(Washington) Joe Biden joined forces on Friday with giant Intel’s announcement of a massive $20 billion investment to produce microchips in the United States, the shortage of which is contributing to soaring inflation, an emergency economy at the time.
Posted on January 21
“It is a truly historic investment in the United States and for American workers,” reacted the American president from the White House, seeing it as a means of ensuring the country’s economic independence in the future.
Big inflation factor
He insists that runaway inflation in the United States is directly linked to problems with global supply chains and urges manufacturers to bring production back to the United States.
These computer chips are essential for a large number of sectors and products ranging from cars and smartphones to medical equipment and even vacuum cleaners.
Intel announced the construction, starting later this year, of two semiconductor factories near the state capital of Ohio, Columbus, with the aim of starting production of chips. from 2025.
It is an “initial” investment, said its boss Pat Gelsinger, alongside Joe Biden in the White House, referring to 100 billion dollars in investments for the next decade to meet the needs of companies in semiconductors.
National and economic security
Joe Biden, for his part, underlined the enormous economic potential by taking the example of cars, of which 4% of the components are currently semiconductors. In 2030, these will represent 20% of automobile manufacturing.
“My administration will continue to use every tool at its disposal to secure supply chains, build our economic resilience, and manufacture more in America, because ultimately it’s about national security, about economic security,” underlined the host of the White House.
According to him, Intel’s new factories in Ohio are also “a symbol of what America is like”: people from all walks of life working together to have “the most sophisticated industry” in the world.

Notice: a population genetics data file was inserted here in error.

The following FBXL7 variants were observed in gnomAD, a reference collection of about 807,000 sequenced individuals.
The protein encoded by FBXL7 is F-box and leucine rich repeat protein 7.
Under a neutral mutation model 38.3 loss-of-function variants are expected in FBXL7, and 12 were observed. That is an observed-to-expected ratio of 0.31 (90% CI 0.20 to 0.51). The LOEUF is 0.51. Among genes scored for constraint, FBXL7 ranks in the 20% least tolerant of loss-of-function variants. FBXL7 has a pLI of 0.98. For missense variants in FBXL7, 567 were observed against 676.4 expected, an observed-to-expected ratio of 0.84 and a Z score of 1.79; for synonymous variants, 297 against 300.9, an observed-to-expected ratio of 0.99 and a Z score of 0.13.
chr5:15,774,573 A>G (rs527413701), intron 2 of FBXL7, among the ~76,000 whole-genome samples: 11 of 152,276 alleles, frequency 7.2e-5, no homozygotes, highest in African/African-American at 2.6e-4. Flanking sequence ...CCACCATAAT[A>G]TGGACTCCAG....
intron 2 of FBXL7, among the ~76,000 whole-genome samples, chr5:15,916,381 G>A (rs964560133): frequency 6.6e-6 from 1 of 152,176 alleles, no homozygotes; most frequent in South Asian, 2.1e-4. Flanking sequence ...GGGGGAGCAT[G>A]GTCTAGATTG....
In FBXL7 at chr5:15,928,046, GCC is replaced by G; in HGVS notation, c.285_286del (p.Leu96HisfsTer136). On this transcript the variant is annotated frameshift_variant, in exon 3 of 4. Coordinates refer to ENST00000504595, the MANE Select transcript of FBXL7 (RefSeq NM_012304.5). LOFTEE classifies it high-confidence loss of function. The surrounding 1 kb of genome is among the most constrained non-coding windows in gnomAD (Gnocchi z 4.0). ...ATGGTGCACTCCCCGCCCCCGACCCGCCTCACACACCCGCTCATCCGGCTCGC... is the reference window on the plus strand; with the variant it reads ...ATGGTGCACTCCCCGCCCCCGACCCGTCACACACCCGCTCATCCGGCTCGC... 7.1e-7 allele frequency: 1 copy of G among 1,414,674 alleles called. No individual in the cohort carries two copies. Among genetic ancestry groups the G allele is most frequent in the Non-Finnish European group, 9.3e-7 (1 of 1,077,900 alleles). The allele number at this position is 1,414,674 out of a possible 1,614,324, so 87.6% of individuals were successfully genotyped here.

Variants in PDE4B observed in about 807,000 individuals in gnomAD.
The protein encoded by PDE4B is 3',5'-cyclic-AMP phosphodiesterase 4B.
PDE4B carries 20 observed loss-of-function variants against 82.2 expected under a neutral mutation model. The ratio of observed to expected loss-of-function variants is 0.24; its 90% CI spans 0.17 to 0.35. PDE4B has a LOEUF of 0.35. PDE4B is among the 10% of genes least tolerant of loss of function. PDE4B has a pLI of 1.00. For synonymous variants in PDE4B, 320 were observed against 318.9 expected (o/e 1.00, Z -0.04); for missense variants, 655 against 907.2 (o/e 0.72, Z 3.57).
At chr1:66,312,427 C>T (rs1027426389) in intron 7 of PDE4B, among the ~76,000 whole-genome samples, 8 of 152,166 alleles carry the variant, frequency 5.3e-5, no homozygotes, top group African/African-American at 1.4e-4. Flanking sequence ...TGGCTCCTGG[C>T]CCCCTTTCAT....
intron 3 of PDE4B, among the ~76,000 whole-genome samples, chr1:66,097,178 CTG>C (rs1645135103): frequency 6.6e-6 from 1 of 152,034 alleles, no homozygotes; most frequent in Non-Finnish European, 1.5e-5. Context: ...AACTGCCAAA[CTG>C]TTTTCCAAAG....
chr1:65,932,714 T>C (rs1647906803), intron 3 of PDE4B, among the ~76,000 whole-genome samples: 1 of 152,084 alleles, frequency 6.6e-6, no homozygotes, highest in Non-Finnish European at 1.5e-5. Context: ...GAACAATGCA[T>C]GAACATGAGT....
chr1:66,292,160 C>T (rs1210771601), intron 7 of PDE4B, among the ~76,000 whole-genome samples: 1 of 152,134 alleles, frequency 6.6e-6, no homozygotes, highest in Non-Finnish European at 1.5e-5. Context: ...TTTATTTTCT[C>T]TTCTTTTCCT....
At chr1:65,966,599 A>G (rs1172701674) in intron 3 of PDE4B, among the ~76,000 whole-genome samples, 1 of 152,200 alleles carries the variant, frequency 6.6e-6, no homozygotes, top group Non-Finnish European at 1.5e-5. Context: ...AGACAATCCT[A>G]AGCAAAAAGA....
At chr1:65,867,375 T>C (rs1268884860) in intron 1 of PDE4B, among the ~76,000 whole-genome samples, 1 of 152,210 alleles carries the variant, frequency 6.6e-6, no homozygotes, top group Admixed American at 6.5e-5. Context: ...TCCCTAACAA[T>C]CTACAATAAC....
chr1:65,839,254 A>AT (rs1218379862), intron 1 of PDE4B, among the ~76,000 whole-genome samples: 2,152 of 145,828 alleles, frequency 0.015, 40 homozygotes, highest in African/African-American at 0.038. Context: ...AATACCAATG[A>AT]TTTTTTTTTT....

Intel plans to hire 3,000 people for these sites, the construction of which will require 7,000 construction workers.
With the pandemic highlighting industrial dependence on Asia, governments, particularly in the United States and Europe, have become concerned with securing their supply of semiconductors after years of stagnant manufacturing. is moved to Asian countries at lower cost.
If China invades Taiwan
The issue is also diplomatic since the chips are largely manufactured in Taiwan, on which China has expressed territorial claims.
“The United States once led the world in global semiconductor manufacturing,” the White House said. “But over the past few decades, the United States has lost its edge: our share of global semiconductor production has fallen from 37% to just 12% over the past 30 years,” she lamented. .
Joe Biden made his speech with this slogan in the background: “A future made in America” (“A future made in America”).
Joe Biden’s economic advisers have also observed that last year, a third of annual price increases were due “only to high car prices”, where the shortage of chips has been most severe.
Joe Biden therefore urged Congress on Friday to pass legislation aimed at strengthening research and development as well as the manufacturing in the United States of essential products.
The Intel boss also urged lawmakers to move forward. “We take our part [de travail] but we cannot do everything alone,” he stressed, highlighting the huge economic benefits.
Large public and private investments
The Senate adopted a law on innovation and competition last June. “The administration is working with the House and Senate to finalize this legislation,” the White House said.
The text includes funding for the “CHIPS for America Act,” which will provide $52 billion “to catalyze more private sector investment and maintain America’s technology leadership,” according to the White House.
Since the start of 2021, the semiconductor industry has announced nearly $80 billion in new investment in the United States through 2025, according to data from the industry federation, cited by the White House.
According to Commerce Secretary Gina Raimondo, “American consumers can expect lower prices” thanks to the return of production of the semiconductors that power our economy.
However, given the delays in starting production, there will be little effect on inflation in the short term.